As anyone knows who has learned a foreign language, there are certain idioms and ideas that cannot be exactly translated. The words we use are important to capture the ideas we think.
With this in mind, I was interested to read a recent Breakpoint commentary by Chuck Colson entitled "The Triumph of Ideology." He describes changes to the 2007 Oxford Junior Dictionary:
Gone were words like “coronation,” “willow,” and “goldfish.” In their place were words like “MP3 player,” “blog,” and “biodegradable.”
Not surprisingly, words reflecting Britain’s Christian heritage were especially hard hit: “abbey, altar, bishop, chapel, christen, disciple, monk, nun, pew, saint,” and “sin” were all axed. Even Christmas took a hit: “carol,” “holly,” and “mistletoe” were removed.
In their place, kids got “tolerant,” “interdependent,” and “bilingual.”
Saunders is concerned that eliminating “so many words associated with Christianity will have a big effect on the numerous primary schools who use it.”
That’s exactly the idea. The head of the children’s dictionary at Oxford University Press admitted as much. She said that “the environment has changed.” “We are also much more multicultural,” she added. And she said that “people don’t go to Church as often as before” and “our understanding of religion is within multiculturalism.”
In other words, we judge our religion by our ideology—in this case, multiculturalism—not vice-versa.
It's a little scary. Just yesterday my daughter was telling me about a classroom debate where *Christians* were seen as the enemy, ready to convert people by force and/or spouting wild-eyed anti-scientific, anti-tolerant, condemning pronouncements. This from kids who are largely from church-going, or at least birth-Christian, households. Now, we are losing even the vocabulary to describe the religious underpinnings that have built Western civilization.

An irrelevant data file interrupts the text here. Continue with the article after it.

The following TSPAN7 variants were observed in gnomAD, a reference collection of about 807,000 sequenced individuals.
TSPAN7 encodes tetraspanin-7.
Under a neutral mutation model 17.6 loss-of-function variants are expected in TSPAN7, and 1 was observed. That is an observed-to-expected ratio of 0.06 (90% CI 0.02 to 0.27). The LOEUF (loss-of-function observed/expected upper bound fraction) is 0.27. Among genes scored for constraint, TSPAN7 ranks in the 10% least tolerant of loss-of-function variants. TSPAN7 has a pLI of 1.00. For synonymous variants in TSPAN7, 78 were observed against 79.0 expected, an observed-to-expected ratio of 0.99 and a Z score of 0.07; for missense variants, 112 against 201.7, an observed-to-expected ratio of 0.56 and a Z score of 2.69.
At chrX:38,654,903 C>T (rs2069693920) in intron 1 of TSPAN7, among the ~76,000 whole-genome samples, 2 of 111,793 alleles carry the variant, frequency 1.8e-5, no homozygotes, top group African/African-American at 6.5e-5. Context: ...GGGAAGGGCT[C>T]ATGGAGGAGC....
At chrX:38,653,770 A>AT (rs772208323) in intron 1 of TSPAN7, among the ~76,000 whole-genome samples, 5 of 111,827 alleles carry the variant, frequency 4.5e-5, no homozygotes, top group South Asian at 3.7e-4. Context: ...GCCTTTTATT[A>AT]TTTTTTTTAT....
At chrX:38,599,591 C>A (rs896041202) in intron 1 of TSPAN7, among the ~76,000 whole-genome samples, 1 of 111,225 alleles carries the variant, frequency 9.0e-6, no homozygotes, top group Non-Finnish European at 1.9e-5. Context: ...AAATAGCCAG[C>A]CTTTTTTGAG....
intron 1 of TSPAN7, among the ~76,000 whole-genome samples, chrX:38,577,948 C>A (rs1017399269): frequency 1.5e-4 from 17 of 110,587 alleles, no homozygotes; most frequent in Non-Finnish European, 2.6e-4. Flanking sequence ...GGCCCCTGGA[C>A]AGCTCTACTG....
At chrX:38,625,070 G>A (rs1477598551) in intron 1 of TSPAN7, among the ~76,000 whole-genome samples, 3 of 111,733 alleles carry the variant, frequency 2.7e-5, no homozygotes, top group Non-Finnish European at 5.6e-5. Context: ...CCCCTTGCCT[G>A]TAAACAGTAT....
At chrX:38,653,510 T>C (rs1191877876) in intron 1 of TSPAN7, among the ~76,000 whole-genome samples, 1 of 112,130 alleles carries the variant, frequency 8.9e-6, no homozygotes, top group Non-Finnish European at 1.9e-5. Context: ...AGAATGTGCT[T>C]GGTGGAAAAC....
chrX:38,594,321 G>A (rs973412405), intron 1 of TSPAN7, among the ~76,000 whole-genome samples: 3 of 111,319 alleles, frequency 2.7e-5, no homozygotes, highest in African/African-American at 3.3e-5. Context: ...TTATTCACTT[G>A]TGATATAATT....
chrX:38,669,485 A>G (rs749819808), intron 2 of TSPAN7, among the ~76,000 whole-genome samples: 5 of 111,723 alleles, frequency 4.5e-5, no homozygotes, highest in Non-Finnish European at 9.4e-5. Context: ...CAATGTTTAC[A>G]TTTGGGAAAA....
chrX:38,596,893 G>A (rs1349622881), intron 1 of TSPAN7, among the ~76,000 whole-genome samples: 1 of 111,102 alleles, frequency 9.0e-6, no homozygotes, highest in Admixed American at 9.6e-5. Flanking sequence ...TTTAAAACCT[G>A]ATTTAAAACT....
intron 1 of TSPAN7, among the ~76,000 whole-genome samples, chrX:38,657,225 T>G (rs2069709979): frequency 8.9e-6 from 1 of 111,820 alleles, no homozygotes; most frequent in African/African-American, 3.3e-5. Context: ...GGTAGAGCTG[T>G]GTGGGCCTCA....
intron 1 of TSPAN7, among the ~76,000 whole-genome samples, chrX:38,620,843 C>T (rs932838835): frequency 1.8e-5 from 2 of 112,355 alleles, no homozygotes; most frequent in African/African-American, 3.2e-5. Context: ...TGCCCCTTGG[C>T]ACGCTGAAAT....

How has the culture moved so far from the true Christianity that preaches forgiveness, tolerance, grace, and above all, Love? Where did we lose our understanding of God as Holy, Just, but also sacrificial and not willing that any should perish? Why do we think that belief in God means a desertion of one's intellect?
I don't know.
There is a story of a woman walking along the ocean's shoreline the day after a terrific storm. She keeps leaning over to toss one starfish after another back into the water. Her companion says, "Why do you bother? There's no way that you can save all of these creatures."
Tossing another starfish back, the woman says, "Well, it made all the difference for that one." Another toss. "And that one."
We also must toss starfish back, one at a time, within our small domains of influence. We can't stem the tide, but for the individual, it might make the difference.
12 hours ago